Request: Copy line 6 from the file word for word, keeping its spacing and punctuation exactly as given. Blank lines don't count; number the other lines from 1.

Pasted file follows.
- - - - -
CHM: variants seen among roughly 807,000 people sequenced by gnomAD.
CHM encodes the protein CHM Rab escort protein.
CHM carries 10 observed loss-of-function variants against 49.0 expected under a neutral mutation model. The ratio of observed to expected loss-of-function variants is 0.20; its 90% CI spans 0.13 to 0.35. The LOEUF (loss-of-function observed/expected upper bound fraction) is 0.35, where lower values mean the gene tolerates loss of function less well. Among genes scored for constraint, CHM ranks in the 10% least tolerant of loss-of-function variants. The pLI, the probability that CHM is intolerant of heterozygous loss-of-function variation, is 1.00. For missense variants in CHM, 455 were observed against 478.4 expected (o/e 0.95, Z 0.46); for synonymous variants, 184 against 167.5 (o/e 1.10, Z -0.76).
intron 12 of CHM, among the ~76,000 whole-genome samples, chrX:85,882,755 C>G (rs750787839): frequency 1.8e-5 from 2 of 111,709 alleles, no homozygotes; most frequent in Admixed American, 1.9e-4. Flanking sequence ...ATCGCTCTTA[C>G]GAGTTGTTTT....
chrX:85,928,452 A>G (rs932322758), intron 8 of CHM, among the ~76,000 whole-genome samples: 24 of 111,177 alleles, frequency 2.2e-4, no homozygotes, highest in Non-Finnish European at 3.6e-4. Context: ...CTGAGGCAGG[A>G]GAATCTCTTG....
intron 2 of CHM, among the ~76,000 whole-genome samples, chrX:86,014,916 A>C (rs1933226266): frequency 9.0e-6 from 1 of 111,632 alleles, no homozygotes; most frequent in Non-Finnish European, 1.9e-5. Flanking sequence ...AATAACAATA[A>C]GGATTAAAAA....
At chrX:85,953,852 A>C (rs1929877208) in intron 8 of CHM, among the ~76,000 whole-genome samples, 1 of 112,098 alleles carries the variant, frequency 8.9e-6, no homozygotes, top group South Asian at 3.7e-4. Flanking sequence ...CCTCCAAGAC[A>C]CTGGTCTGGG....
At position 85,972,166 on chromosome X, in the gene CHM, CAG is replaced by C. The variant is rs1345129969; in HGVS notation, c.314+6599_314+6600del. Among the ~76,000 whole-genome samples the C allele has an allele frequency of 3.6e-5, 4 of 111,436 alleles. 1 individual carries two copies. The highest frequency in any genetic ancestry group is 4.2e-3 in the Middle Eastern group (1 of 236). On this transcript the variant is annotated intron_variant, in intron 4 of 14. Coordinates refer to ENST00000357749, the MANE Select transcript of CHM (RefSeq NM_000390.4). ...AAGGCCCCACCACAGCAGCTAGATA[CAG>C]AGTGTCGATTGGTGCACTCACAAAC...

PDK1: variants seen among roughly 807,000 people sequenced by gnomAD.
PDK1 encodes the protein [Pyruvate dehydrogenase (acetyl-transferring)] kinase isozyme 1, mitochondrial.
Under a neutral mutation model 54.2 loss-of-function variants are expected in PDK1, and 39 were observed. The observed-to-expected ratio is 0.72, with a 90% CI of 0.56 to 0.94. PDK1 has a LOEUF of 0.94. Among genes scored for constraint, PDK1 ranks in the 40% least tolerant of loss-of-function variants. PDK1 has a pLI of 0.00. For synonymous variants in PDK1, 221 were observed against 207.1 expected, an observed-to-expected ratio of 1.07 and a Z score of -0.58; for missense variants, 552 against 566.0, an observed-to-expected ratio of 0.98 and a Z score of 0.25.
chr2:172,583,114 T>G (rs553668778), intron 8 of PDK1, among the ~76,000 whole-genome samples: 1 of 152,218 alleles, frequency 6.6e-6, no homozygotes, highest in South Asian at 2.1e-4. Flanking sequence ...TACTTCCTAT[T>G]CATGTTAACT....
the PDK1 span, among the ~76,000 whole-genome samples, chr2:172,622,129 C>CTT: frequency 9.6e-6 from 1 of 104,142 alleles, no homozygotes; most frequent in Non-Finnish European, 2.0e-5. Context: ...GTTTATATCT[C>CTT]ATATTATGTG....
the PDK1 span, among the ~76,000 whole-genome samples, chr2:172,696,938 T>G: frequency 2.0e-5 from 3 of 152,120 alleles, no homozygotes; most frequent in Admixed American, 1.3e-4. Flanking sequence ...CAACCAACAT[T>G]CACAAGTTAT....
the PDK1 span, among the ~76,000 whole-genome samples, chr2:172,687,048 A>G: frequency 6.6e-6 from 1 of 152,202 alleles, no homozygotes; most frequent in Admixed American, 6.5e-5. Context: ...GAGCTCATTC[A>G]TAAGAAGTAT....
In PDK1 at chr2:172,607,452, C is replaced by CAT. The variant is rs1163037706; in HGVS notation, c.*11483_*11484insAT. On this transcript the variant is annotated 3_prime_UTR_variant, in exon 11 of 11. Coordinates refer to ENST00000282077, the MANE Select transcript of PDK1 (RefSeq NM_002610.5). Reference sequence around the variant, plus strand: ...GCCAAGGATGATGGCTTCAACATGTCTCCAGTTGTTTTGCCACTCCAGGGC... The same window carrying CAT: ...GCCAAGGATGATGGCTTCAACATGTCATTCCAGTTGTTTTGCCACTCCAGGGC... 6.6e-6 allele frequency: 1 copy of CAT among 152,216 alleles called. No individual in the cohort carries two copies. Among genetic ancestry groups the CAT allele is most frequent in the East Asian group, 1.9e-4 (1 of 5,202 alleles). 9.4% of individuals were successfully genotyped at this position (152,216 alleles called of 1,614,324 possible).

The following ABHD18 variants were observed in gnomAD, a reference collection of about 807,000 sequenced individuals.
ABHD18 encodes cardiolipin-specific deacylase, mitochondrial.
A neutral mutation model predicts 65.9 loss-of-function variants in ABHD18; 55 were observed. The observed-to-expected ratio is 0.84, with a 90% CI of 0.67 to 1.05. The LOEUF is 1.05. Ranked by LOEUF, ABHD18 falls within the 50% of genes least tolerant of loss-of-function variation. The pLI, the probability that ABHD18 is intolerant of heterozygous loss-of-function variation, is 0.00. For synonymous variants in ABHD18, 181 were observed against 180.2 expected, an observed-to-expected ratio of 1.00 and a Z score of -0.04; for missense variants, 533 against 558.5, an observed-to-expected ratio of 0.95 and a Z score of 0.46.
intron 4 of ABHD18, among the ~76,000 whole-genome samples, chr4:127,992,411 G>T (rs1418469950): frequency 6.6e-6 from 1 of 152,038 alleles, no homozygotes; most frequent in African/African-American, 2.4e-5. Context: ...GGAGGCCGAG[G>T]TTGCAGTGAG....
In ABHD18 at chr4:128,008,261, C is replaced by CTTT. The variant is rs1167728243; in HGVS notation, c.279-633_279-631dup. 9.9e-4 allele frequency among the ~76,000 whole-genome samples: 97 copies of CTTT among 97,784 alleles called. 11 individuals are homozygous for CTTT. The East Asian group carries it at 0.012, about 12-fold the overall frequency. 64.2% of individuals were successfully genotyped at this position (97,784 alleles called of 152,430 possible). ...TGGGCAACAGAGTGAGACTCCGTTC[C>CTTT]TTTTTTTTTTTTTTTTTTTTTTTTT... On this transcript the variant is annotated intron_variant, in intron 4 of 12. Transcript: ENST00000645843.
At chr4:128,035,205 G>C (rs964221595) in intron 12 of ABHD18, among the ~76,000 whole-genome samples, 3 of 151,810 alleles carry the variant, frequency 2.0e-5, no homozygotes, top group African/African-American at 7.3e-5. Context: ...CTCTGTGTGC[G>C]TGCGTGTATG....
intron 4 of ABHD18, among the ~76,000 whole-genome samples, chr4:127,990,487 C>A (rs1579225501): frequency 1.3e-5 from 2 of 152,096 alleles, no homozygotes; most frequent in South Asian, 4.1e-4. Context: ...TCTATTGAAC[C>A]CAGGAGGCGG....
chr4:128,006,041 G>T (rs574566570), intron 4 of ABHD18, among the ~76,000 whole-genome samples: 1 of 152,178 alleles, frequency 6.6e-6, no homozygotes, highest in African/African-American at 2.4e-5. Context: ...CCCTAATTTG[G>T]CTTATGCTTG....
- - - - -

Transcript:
intron 2 of CHM, among the ~76,000 whole-genome samples, chrX:86,014,916 A>C (rs1933226266): frequency 9.0e-6 from 1 of 111,632 alleles, no homozygotes; most frequent in Non-Finnish European, 1.9e-5. Flanking sequence ...AATAACAATA[A>C]GGATTAAAAA....